To the contrary, traditionality is not irrelevent except to those who have no appreciation for it. There are many of us who demand traditionality for our money, and yet, this single most important element is virtually impossible to find. You can get all kinds of synthetic colors and flavors, cheap spirits, and plenty of misleading ad copy and propaganda for your money, so why shouldn't you be able to get traditionality? I'll tell you why, because traditionality requires knowledge, skill, appreciation, and it costs. And after all, traditionality is the one element which makes absinthe what it is. Those who take your money for the garbage products don't give a damn about quality, just getting your money....and they do that with efficiency.
Quite frankly, exclude traditionality, and there is no absinthe, and no market for absinthe.
Maybe you don't mind spending the equivalent of $50 US for 50cl of a $2 drink, but there are those of us that do, and I dare say that those of us who are aghast at paying a ransom for mediocrity are present in greater number than you might imagine. If I thought that no one gave a damn, then I wouldn't be busting my ass to offer something which no one else has to date: authenticity, quality, and tradition.
|By Billynorm on Saturday, September 16, 2000 - 05:11 pm: Edit|
Before I bought my first (& last) 0.5 liter of Sebor, I consulted La Fee Verte's buyer's guide. It said (paraphrasing here) that Hill's was industrial-strength Windex & Sebor was the best Czech "absinth" (which has the same distinction as being the world's tallest dwarf; Sebor is Windex-y enough for me). There are several Spanish brands left for me to taste, as well as La Fee & Don & Ted's Excellent Adventure!
But you're right, most of us won't ever taste traditional, vintage absinthe. C'est la vie, que sera sera, tutti gusti son gusti, sic transit gloria Monday-Friday!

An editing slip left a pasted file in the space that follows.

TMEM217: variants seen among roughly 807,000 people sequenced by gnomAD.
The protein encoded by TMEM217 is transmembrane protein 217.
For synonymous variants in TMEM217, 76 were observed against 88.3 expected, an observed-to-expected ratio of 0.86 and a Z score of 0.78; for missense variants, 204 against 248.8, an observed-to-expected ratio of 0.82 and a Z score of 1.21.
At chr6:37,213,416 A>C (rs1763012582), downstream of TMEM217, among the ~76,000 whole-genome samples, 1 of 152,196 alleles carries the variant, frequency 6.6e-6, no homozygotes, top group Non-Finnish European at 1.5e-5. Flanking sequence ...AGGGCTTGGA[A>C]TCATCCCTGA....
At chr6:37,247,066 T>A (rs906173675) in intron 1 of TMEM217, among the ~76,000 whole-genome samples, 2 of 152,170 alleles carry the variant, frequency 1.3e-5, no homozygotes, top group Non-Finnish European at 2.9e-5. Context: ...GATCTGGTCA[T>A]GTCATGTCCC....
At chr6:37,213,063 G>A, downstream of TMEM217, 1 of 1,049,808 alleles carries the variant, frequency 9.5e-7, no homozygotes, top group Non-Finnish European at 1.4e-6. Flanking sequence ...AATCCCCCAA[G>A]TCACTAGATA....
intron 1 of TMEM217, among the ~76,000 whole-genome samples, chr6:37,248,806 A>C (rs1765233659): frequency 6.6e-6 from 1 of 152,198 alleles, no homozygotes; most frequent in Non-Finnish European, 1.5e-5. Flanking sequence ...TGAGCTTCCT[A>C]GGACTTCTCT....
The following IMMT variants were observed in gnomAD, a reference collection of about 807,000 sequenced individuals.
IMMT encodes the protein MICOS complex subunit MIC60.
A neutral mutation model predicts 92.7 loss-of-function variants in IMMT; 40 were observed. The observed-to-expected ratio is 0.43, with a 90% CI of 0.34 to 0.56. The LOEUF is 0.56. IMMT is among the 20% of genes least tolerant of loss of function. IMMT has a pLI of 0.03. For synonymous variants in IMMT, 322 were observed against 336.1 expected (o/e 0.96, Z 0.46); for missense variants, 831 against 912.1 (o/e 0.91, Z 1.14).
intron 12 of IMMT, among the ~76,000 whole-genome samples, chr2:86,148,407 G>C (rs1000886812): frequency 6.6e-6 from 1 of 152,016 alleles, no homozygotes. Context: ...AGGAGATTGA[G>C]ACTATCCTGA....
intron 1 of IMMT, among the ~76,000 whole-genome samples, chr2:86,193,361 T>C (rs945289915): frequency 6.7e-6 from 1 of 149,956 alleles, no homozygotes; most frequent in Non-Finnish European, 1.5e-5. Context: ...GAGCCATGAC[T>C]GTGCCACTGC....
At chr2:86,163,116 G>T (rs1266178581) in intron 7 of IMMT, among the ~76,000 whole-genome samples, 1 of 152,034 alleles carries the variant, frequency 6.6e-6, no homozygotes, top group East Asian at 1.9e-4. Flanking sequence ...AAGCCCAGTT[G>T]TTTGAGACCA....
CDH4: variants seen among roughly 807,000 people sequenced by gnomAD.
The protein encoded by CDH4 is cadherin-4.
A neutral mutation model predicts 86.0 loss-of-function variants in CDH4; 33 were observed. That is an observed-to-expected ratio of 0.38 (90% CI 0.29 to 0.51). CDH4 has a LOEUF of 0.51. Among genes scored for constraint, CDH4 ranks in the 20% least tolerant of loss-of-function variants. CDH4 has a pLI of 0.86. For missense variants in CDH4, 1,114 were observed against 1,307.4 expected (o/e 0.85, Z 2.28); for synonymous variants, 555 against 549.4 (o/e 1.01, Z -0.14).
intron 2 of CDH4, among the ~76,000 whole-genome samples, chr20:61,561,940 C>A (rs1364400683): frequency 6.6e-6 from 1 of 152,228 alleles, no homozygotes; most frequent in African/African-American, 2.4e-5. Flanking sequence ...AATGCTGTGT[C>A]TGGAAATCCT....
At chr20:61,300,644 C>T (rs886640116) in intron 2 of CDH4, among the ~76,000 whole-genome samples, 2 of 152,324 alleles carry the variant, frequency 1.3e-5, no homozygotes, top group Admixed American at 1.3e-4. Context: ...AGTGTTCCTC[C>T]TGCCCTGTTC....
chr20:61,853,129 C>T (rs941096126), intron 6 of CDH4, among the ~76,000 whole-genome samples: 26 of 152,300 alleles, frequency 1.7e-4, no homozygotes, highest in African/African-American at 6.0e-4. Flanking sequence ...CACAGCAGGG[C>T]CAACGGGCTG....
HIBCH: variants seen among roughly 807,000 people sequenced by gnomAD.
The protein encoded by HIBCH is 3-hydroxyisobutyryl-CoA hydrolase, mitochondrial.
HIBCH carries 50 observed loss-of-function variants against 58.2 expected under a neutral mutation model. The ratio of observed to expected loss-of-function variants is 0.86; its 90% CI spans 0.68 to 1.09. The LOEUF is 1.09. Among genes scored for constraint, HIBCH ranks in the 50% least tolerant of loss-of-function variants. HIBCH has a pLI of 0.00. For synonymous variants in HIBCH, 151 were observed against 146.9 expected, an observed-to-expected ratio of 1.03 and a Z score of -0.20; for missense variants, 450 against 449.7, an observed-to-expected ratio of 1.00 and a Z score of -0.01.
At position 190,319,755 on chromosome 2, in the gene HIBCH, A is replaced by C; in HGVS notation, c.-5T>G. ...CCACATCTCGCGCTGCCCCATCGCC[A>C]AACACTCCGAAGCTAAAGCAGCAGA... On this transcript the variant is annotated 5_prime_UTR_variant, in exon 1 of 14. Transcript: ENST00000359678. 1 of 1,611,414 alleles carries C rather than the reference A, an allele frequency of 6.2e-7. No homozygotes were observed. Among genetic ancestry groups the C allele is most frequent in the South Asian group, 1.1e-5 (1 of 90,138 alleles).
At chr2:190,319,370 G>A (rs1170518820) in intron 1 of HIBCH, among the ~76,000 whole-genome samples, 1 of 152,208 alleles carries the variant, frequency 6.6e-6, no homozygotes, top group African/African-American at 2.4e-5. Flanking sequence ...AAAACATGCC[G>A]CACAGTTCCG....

(P.S. Shouldn't absintheurs vote for the Green Party?)
|By LordHobgoblin on Saturday, September 16, 2000 - 02:43 pm: Edit|
Who care's whether it's "traditional" or not. Since nothing available commercially today will be in any way traditional in the true sense and very very few of us are fortunate or wealthy enough to drink vintage absinthe, traditionality is therefore an irrelevance.As far as I'm concerned it tastes good to me therefore it is a quality product, (although it would be nicer if it louched).
|By Tabreaux on Saturday, September 16, 2000 - 12:00 pm: Edit|
IMO, Sebor is the only Czech brand which has any degree of effort put into it. It isn't 'traditional' but it does employ traditional herbs (used in a non-traditional manner). It tastes pointed in some aspects and weak in others. It isn't unpleasant, just a bit strange and somewhat thin.
|By Don Walsh on Saturday, September 16, 2000 - 10:49 am: Edit|
The problem is: neither the Spanish (much less Port.) nor the Czechs have the slightest idea how to make Absinthe. The Swiss have an idea, but it is a pale fourth xerox copy.
There's the gauntlet, thrown down. Sebor's tastes good? I wouldn't dip my sheep in that stuff. They don't have enough anise, nor do they stop their distilation soon enough -- they are overcooked.
|By Lord Hobgoblin on Saturday, September 16, 2000 - 01:27 am: Edit|
It would seem that Sebor Absinth is getting a bit of bad press. While certain other brands of so called Czech Absinth are best avoided Sebor is a good quality Absinth. It is undoubtedly quite different from Spanish Absentas and doesn't louche well but it does taste good and has as much effect as Deva and the others. I rate it as good as Deva although it is different from Deva.
What do the rest of you think?
|Administrator's Control Panel -- Board Moderators Only|
Administer Page |Delete Conversation |Close Conversation |Move Conversation